The Corporate Source Makes A Winning Return to US Open

US Open
The pouring rain was not about to stop Nickiann. She was determined to keep tables and seats at the US Open Food Village as dry as possible so that eager tennis fans could eat and relax as they awaited the first matches of the Grand Slam tennis tournament.

“I like cleaning the tables,” said Nickiann, who attends YAI/NIPD’s Queens Supported Work and Training (SWAT) Program.

About halfway through her shift, Khamala flexed her arms.

“It’s a lot of work, but I like it,” said Khamala, who attends our Bronx SWAT Program. “This is my first time at the Open. And it’s my first job with pay!”

Consumers Take Pride in Their Work

Nickiann and Khamala were among nearly 60 graduates of YAI/NIPD employment training programs hired as porters by Compass Group, which handles the catering for the 650,000 guests at the US Open. Their job was to maintain the busy food village during the two-week tournament, which took place from August 28-September 10 in Flushing Meadows, Queens. This marks the eighth consecutive year that our consumers have been relied upon to get the job done.

Despite the rainy weather during the tournament’s opening days, the workers performed their tasks with professionalism and enthusiasm, demonstrating to everyone that people with disabilities are hard-working and dedicated employees who have what it takes to be successful in the workplace.

“It really is amazing to watch our consumers in action,” said Amanda Ceraulo, Assistant Manager of Corporate Relations for YAI/NIPD’s Employment Initiatives Department. “The pride they take in their jobs and the sense of accomplishment they have at the end of the day are obvious to anyone who sees them working. They see firsthand how valuable they are to the Compass Group team.”

‘A Great Experience’ for Compass Group

“It’s been a great experience and they bring a lot of energy and enthusiasm to the job,” said Bill Wilson, Director of Operations for Levy Restaurants’ Sports & Entertainment Group. “We’d love to continue this program for years to come.”

The workers are employees of The Corporate Source, a member of the YAI/NIPD Network which provides jobs for people with disabilities through outsourcing arrangements with the government and private sectors.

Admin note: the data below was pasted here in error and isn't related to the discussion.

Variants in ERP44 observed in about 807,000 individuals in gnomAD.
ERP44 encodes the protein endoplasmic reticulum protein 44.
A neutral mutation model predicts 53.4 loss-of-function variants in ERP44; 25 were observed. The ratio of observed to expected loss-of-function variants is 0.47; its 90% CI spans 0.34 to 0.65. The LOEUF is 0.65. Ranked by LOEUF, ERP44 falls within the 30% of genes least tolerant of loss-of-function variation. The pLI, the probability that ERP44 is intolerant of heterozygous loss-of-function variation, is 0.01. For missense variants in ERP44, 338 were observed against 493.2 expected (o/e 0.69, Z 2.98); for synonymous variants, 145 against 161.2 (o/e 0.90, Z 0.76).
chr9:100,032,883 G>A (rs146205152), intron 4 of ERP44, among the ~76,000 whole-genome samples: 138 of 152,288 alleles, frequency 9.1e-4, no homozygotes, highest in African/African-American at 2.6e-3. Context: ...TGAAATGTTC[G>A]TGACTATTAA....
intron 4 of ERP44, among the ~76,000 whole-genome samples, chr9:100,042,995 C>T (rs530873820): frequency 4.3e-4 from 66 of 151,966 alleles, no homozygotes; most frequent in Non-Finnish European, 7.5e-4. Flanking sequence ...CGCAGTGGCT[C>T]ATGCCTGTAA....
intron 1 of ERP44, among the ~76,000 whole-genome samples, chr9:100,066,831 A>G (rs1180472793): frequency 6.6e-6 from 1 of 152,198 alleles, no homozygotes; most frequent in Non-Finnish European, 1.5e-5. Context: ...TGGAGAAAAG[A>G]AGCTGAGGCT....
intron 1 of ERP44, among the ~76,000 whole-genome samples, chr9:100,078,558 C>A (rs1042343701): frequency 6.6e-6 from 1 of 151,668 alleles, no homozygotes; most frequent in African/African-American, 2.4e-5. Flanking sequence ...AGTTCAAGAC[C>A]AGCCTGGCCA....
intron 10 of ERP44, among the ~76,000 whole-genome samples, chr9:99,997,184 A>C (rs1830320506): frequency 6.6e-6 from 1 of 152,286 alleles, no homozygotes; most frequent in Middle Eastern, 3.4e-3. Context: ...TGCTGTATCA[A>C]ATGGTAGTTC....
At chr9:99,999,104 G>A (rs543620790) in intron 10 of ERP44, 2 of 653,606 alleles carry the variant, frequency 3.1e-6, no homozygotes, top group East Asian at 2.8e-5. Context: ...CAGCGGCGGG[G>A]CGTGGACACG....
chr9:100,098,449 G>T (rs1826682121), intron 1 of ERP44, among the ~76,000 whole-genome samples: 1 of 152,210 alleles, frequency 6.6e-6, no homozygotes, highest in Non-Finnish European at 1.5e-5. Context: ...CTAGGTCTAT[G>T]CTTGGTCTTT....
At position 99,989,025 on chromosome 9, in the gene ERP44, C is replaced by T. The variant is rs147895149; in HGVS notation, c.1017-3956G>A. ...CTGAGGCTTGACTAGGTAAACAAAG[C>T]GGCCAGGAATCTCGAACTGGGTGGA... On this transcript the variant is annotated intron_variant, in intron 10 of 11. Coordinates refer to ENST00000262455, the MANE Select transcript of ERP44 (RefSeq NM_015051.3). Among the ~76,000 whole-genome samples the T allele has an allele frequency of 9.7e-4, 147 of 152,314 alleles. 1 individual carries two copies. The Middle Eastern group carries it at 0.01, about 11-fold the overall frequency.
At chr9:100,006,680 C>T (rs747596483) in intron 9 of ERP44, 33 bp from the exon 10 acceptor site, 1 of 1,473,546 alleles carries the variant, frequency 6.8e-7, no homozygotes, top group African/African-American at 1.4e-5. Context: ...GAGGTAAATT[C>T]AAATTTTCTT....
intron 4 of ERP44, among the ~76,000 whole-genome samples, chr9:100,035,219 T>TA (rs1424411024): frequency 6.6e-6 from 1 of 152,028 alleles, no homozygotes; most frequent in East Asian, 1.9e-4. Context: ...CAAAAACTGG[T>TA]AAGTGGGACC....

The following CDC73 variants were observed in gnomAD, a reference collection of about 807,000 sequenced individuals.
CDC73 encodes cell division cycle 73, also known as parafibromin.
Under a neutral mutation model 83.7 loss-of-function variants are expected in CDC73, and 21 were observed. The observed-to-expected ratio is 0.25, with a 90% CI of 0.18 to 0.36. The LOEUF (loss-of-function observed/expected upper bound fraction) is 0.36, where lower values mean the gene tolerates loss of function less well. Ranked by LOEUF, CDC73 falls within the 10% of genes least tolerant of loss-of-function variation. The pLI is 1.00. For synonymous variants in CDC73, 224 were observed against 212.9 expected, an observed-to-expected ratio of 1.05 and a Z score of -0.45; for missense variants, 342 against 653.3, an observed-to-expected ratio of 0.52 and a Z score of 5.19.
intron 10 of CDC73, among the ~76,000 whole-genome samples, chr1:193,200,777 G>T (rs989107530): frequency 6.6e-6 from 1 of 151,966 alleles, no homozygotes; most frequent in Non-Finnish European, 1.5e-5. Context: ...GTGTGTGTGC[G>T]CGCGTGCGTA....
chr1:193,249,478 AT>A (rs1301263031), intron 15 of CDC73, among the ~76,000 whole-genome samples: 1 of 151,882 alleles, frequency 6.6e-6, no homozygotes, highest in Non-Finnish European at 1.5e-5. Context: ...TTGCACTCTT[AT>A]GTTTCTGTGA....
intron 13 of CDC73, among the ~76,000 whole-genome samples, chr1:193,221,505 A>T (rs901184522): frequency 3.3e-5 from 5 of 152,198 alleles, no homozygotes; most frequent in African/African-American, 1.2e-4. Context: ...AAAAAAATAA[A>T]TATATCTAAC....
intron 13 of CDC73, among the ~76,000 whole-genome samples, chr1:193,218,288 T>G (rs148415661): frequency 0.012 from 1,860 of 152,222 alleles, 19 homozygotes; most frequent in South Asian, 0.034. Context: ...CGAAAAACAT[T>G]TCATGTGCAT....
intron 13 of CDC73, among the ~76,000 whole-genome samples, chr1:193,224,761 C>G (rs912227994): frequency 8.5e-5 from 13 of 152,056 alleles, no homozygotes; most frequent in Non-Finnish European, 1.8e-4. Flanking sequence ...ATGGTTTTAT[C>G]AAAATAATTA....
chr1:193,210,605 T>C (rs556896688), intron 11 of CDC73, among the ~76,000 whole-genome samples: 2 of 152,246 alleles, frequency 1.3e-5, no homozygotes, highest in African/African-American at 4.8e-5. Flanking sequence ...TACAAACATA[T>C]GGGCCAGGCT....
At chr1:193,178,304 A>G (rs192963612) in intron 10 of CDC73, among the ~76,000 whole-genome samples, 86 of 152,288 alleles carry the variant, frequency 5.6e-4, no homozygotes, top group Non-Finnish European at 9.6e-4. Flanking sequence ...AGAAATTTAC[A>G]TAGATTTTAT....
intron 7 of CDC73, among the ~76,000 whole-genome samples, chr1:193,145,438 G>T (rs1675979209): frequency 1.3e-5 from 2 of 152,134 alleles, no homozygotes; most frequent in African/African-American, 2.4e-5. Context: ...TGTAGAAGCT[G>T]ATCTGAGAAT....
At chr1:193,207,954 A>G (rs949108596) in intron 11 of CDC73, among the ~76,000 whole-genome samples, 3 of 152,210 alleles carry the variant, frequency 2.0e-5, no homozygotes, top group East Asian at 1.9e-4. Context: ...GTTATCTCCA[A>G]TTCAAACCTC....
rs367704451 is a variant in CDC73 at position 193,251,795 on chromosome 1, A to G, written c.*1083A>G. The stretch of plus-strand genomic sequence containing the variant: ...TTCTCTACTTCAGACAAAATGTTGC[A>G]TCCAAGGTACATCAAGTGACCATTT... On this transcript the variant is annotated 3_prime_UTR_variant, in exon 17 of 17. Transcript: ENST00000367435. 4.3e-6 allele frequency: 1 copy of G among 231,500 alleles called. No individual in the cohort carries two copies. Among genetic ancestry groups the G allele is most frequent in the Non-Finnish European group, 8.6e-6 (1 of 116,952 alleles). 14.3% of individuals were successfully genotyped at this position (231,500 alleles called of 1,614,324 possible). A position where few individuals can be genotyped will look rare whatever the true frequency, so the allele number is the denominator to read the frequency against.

“Companies like Compass Group view The Corporate Source as a valuable business solution,” said Michael Kramer, Director of The Corporate Source. “Our employment trainees are hard working, loyal and reliable, and they appreciate the opportunity to prove their abilities to work at such a high-profile and visible event.”

Workers Shine in Tennis Pro’s Eyes

During the tournament, Bethanie Mattek, who plays on the Sony Ericsson WTA Tour, visited with some of our workers before heading off to her second-round doubles match of the day. She praised their efforts at the Open and urged them to keep working hard. Bethanie also encouraged our consumers, many of whom are seeking year-round employment, to “stick with it” when searching for a job. “When you find something you love, go for it,” she said.

Watching Dreams Come True

What makes this year’s return of our consumers to the Open especially significant is that it included individuals who may not have had the opportunity in the past. Thanks to an innovative New York State program — Options for People Through Services (OPTS) — consumers who require extra support became successful employees who benefited from the help of job coaches.

“Working makes me feel good,” said Jessica, who attends YAI/NIPD’s Bronx OPTS employment program. “And I’m getting a paycheck for the first time!”

“It makes me so happy to see their dreams come true,” said Nicole Coppola, a YAI/NIPD Employment Training Specialist from Brooklyn SWAT. “I’m very proud of all of them.”

Employers interested in hiring reliable, well-trained workers should contact Elizabeth Repoli, Senior Manager of Corporate Relations in YAI/NIPD’s Employment Initiatives Department, at 212-273-6134 or erepoli@yai.org.

Contents Copyright(C)2006 YAI/NIPD Network - All Rights Reserved

YAI/National Institute for People with Disabilities Network, 460 West 34th Street, 11th Floor, New York, NY 10001-2382